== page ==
Conservative power

However it was not just what the Conservatives did to stay in power between 1951-1964 it was their opposition the Labour party. During the years of Conservative power Labour suffered conflict within in the party. The party soon became divided over many issues and resulted the party being split. The split in the Labour Party was as a result of the H-bomb. The Bevanites of the party were against Britain's decision to manufacture the bomb, saying that it would bring unwanted attention to Britain, whereas others said it would bring with it a useful influence.

In 1957, Bevan argued that the manufacture of the H-bomb could: – ' Force the other super powers to take notice of Britain and could give the UK a decisive voice in international affairs'. This meant that if the H-bomb was introduced it would mean that the other countries would show more respect towards Britain in foreign affairs and that Britain could be seen as a major country again. This was a major cause towards Labour's split and helped the Conservatives to control the country and win elections year after year.

The conflict within in the Labour party was a significant factor in The Conservatives successes. In conclusion I believe that the Conservative's stayed in power for thirteen years because of the situation in Britain at this time. Britain was in a boom and this was seen in accumulation of personal savings, the increase in home ownership and above all the increase sale of consumer goods. For the first time people owned washing machines and had the enjoyment of a television. Britain had not been having theses pleasures before with war and countless economic problems.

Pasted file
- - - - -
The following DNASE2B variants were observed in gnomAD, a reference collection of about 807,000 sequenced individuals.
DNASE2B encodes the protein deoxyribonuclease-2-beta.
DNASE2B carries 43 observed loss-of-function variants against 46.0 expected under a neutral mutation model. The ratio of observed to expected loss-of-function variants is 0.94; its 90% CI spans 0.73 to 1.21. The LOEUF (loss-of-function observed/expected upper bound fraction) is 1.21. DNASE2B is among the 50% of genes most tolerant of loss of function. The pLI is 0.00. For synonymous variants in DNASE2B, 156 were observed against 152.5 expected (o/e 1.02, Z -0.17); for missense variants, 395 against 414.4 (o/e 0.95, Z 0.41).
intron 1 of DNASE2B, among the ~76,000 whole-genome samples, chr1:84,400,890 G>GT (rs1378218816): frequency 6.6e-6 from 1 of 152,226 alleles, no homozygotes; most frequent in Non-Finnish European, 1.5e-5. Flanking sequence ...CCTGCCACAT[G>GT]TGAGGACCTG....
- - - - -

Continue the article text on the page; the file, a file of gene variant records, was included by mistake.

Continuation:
Finally the streets were safe to walk on and the nation possessed an enviable sense of community. The conservatives used this to gain support for their party and as Macmillan famously said in 1957 they had 'Never had it so good'. The Labour party did play a significant role in helping the Conservatives win three successive electoral elections. The conflict within in the party did enable the Conservatives to gain support but it was the boom within Britain that did win them their three victories.

Macmillan also contributed to the Conservatives thirteen-year era because he rescued them from the lapse that they had suffered in the years before. Macmillan cut income tax in the 1959 budget, he had industrial production racing ahead and unemployment was falling. His achievements were great and he rightfully earned the name 'Supermac' but as in 1955 with Churchill Tory successes rested primarily on a boom. The sharp rise in living conditions moved Britain forward and enabled the Conservatives to stay in power between 1951-1964.